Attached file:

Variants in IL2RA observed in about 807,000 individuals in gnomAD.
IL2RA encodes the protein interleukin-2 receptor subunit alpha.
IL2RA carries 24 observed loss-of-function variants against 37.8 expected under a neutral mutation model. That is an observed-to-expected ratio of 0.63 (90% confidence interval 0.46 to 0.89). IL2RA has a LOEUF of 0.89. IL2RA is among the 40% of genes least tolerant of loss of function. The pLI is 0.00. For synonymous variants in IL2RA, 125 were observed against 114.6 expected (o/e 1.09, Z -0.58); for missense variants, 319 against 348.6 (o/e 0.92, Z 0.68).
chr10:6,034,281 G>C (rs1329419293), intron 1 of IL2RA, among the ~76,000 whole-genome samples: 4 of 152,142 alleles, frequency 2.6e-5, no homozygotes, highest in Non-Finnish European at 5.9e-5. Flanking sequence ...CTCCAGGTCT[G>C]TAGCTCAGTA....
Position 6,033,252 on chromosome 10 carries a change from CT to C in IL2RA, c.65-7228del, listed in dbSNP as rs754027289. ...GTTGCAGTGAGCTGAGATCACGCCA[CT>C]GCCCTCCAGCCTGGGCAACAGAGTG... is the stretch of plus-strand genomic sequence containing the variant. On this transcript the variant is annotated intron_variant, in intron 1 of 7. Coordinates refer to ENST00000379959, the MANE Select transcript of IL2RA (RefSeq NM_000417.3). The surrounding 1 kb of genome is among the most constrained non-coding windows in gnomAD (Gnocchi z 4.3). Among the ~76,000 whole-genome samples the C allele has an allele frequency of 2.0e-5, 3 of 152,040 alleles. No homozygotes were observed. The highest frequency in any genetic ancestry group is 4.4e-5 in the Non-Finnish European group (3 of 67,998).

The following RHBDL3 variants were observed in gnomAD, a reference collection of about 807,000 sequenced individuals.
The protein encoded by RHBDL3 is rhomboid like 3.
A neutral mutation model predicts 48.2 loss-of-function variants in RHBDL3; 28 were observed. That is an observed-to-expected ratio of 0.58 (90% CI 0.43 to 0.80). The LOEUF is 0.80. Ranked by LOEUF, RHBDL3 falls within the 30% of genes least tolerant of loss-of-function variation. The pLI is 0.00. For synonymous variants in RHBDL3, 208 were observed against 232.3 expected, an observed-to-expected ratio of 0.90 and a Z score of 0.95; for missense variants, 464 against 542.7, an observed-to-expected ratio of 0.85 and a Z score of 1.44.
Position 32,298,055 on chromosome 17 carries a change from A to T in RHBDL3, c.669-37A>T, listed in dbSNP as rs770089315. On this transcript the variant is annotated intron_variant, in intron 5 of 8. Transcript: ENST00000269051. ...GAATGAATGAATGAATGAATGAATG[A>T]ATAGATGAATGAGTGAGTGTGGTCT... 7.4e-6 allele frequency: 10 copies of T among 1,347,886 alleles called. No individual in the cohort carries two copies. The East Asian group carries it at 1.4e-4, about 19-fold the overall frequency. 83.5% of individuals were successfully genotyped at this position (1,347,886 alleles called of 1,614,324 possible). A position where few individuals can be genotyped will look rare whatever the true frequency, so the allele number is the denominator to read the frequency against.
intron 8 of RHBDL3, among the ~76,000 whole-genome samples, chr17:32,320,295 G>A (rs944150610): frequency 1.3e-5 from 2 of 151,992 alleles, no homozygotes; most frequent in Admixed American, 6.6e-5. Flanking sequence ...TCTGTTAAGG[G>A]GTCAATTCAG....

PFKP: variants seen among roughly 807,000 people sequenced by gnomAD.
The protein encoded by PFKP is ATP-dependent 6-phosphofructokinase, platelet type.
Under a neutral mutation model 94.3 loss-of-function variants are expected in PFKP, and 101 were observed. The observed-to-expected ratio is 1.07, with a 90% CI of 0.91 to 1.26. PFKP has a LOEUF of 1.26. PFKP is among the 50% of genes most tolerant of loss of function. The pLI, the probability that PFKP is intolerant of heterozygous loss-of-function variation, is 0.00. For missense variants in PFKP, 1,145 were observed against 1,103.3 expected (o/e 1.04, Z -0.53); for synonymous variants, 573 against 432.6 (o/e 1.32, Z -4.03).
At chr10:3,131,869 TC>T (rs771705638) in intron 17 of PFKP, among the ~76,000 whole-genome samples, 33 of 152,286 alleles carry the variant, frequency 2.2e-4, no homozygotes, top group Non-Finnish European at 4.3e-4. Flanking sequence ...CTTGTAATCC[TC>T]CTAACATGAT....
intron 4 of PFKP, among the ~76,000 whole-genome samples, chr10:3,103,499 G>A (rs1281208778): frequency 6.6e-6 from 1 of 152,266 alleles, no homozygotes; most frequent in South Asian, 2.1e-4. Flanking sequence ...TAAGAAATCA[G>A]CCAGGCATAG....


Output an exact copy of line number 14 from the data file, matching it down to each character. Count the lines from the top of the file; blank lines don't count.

At chr10:3,131,869 TC>T (rs771705638) in intron 17 of PFKP, among the ~76,000 whole-genome samples, 33 of 152,286 alleles carry the variant, frequency 2.2e-4, no homozygotes, top group Non-Finnish European at 4.3e-4. Flanking sequence ...CTTGTAATCC[TC>T]CTAACATGAT....